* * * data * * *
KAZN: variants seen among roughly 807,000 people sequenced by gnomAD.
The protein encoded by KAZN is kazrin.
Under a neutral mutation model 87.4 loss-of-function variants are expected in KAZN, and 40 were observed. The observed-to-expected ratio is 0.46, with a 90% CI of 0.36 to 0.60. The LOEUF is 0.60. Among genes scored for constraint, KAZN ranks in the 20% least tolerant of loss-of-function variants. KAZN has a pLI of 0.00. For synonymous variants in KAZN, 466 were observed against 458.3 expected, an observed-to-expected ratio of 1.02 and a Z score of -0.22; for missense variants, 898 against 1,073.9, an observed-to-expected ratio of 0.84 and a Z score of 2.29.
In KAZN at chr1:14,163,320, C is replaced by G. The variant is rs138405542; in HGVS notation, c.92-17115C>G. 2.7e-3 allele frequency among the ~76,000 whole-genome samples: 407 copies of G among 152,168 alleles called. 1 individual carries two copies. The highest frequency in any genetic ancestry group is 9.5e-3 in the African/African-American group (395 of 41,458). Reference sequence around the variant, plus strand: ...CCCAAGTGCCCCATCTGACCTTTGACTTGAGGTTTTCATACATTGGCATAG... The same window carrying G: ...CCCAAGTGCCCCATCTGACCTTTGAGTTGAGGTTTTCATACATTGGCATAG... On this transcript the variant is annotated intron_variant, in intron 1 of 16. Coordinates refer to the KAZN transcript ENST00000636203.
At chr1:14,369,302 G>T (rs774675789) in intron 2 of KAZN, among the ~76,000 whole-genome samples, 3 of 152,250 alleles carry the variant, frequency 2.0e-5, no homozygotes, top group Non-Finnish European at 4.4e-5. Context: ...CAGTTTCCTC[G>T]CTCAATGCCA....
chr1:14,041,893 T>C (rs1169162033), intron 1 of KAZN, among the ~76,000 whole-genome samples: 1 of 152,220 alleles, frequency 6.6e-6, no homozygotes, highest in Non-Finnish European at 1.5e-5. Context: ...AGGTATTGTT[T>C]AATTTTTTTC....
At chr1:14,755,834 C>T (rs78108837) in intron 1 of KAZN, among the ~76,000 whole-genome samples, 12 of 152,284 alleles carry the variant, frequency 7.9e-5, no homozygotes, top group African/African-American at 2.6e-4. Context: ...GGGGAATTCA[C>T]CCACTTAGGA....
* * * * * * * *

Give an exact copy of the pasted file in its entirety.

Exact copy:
KAZN: variants seen among roughly 807,000 people sequenced by gnomAD.
The protein encoded by KAZN is kazrin.
Under a neutral mutation model 87.4 loss-of-function variants are expected in KAZN, and 40 were observed. The observed-to-expected ratio is 0.46, with a 90% CI of 0.36 to 0.60. The LOEUF is 0.60. Among genes scored for constraint, KAZN ranks in the 20% least tolerant of loss-of-function variants. KAZN has a pLI of 0.00. For synonymous variants in KAZN, 466 were observed against 458.3 expected, an observed-to-expected ratio of 1.02 and a Z score of -0.22; for missense variants, 898 against 1,073.9, an observed-to-expected ratio of 0.84 and a Z score of 2.29.
In KAZN at chr1:14,163,320, C is replaced by G. The variant is rs138405542; in HGVS notation, c.92-17115C>G. 2.7e-3 allele frequency among the ~76,000 whole-genome samples: 407 copies of G among 152,168 alleles called. 1 individual carries two copies. The highest frequency in any genetic ancestry group is 9.5e-3 in the African/African-American group (395 of 41,458). Reference sequence around the variant, plus strand: ...CCCAAGTGCCCCATCTGACCTTTGACTTGAGGTTTTCATACATTGGCATAG... The same window carrying G: ...CCCAAGTGCCCCATCTGACCTTTGAGTTGAGGTTTTCATACATTGGCATAG... On this transcript the variant is annotated intron_variant, in intron 1 of 16. Coordinates refer to the KAZN transcript ENST00000636203.
At chr1:14,369,302 G>T (rs774675789) in intron 2 of KAZN, among the ~76,000 whole-genome samples, 3 of 152,250 alleles carry the variant, frequency 2.0e-5, no homozygotes, top group Non-Finnish European at 4.4e-5. Context: ...CAGTTTCCTC[G>T]CTCAATGCCA....
chr1:14,041,893 T>C (rs1169162033), intron 1 of KAZN, among the ~76,000 whole-genome samples: 1 of 152,220 alleles, frequency 6.6e-6, no homozygotes, highest in Non-Finnish European at 1.5e-5. Context: ...AGGTATTGTT[T>C]AATTTTTTTC....
At chr1:14,755,834 C>T (rs78108837) in intron 1 of KAZN, among the ~76,000 whole-genome samples, 12 of 152,284 alleles carry the variant, frequency 7.9e-5, no homozygotes, top group African/African-American at 2.6e-4. Context: ...GGGGAATTCA[C>T]CCACTTAGGA....